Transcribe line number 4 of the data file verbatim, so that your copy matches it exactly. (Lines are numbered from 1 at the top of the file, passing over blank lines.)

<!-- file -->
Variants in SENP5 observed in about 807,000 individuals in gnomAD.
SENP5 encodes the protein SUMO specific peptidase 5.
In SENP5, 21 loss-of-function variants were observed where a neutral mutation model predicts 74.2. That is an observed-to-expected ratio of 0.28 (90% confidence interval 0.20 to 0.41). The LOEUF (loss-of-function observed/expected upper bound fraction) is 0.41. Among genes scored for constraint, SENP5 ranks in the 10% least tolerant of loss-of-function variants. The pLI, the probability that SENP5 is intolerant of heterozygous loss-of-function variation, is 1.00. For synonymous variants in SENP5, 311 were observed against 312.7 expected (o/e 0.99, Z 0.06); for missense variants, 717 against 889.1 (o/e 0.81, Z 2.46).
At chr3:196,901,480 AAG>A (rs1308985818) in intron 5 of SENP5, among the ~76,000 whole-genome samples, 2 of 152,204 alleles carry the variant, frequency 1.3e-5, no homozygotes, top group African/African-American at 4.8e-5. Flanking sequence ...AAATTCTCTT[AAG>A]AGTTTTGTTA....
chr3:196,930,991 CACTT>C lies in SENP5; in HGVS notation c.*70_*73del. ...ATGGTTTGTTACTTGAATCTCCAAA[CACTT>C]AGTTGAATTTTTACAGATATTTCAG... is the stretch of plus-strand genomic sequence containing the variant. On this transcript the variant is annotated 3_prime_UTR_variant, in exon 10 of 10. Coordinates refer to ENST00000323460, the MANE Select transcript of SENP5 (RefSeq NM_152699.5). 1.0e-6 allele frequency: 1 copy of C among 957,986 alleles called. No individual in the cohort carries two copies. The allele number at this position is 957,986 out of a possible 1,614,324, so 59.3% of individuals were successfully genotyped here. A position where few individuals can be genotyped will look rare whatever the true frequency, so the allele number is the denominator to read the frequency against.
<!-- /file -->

At chr3:196,901,480 AAG>A (rs1308985818) in intron 5 of SENP5, among the ~76,000 whole-genome samples, 2 of 152,204 alleles carry the variant, frequency 1.3e-5, no homozygotes, top group African/African-American at 4.8e-5. Flanking sequence ...AAATTCTCTT[AAG>A]AGTTTTGTTA....